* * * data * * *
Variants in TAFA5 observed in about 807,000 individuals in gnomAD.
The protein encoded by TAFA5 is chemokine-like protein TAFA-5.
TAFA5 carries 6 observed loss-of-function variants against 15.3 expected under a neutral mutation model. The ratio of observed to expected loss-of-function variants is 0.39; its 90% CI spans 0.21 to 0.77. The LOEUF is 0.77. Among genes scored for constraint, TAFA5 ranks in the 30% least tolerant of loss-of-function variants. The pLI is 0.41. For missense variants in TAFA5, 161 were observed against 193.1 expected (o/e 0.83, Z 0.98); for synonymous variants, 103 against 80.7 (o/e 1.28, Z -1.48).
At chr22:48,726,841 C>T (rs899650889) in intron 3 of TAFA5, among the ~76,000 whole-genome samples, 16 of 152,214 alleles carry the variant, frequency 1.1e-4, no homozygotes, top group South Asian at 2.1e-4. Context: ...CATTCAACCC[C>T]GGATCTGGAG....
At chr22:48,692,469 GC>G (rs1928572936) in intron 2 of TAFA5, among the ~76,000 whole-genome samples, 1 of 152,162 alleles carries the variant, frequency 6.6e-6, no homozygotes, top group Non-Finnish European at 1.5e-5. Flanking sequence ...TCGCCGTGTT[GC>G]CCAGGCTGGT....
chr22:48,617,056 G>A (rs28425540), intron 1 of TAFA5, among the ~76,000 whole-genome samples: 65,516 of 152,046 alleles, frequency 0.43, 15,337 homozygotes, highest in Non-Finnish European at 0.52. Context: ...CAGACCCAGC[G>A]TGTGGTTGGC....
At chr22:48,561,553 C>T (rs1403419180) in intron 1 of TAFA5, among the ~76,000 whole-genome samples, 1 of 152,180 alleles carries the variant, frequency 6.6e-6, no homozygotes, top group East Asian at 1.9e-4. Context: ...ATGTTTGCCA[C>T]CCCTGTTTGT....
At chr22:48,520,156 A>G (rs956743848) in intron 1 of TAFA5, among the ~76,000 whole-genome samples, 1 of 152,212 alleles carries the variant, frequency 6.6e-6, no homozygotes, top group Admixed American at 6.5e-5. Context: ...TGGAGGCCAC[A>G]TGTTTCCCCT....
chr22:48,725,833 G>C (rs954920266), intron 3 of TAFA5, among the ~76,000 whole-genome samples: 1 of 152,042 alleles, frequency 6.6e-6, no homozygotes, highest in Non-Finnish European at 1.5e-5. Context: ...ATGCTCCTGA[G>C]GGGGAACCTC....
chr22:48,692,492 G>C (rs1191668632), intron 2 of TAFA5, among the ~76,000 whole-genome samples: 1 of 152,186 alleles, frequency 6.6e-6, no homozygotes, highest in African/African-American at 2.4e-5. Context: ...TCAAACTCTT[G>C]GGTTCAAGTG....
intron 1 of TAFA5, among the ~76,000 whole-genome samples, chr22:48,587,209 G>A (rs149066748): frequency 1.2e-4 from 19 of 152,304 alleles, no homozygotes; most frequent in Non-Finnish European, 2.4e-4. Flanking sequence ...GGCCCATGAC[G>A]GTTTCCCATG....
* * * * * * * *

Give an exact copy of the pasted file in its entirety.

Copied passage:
Variants in TAFA5 observed in about 807,000 individuals in gnomAD.
The protein encoded by TAFA5 is chemokine-like protein TAFA-5.
TAFA5 carries 6 observed loss-of-function variants against 15.3 expected under a neutral mutation model. The ratio of observed to expected loss-of-function variants is 0.39; its 90% CI spans 0.21 to 0.77. The LOEUF is 0.77. Among genes scored for constraint, TAFA5 ranks in the 30% least tolerant of loss-of-function variants. The pLI is 0.41. For missense variants in TAFA5, 161 were observed against 193.1 expected (o/e 0.83, Z 0.98); for synonymous variants, 103 against 80.7 (o/e 1.28, Z -1.48).
At chr22:48,726,841 C>T (rs899650889) in intron 3 of TAFA5, among the ~76,000 whole-genome samples, 16 of 152,214 alleles carry the variant, frequency 1.1e-4, no homozygotes, top group South Asian at 2.1e-4. Context: ...CATTCAACCC[C>T]GGATCTGGAG....
At chr22:48,692,469 GC>G (rs1928572936) in intron 2 of TAFA5, among the ~76,000 whole-genome samples, 1 of 152,162 alleles carries the variant, frequency 6.6e-6, no homozygotes, top group Non-Finnish European at 1.5e-5. Flanking sequence ...TCGCCGTGTT[GC>G]CCAGGCTGGT....
chr22:48,617,056 G>A (rs28425540), intron 1 of TAFA5, among the ~76,000 whole-genome samples: 65,516 of 152,046 alleles, frequency 0.43, 15,337 homozygotes, highest in Non-Finnish European at 0.52. Context: ...CAGACCCAGC[G>A]TGTGGTTGGC....
At chr22:48,561,553 C>T (rs1403419180) in intron 1 of TAFA5, among the ~76,000 whole-genome samples, 1 of 152,180 alleles carries the variant, frequency 6.6e-6, no homozygotes, top group East Asian at 1.9e-4. Context: ...ATGTTTGCCA[C>T]CCCTGTTTGT....
At chr22:48,520,156 A>G (rs956743848) in intron 1 of TAFA5, among the ~76,000 whole-genome samples, 1 of 152,212 alleles carries the variant, frequency 6.6e-6, no homozygotes, top group Admixed American at 6.5e-5. Context: ...TGGAGGCCAC[A>G]TGTTTCCCCT....
chr22:48,725,833 G>C (rs954920266), intron 3 of TAFA5, among the ~76,000 whole-genome samples: 1 of 152,042 alleles, frequency 6.6e-6, no homozygotes, highest in Non-Finnish European at 1.5e-5. Context: ...ATGCTCCTGA[G>C]GGGGAACCTC....
chr22:48,692,492 G>C (rs1191668632), intron 2 of TAFA5, among the ~76,000 whole-genome samples: 1 of 152,186 alleles, frequency 6.6e-6, no homozygotes, highest in African/African-American at 2.4e-5. Context: ...TCAAACTCTT[G>C]GGTTCAAGTG....
intron 1 of TAFA5, among the ~76,000 whole-genome samples, chr22:48,587,209 G>A (rs149066748): frequency 1.2e-4 from 19 of 152,304 alleles, no homozygotes; most frequent in Non-Finnish European, 2.4e-4. Flanking sequence ...GGCCCATGAC[G>A]GTTTCCCATG....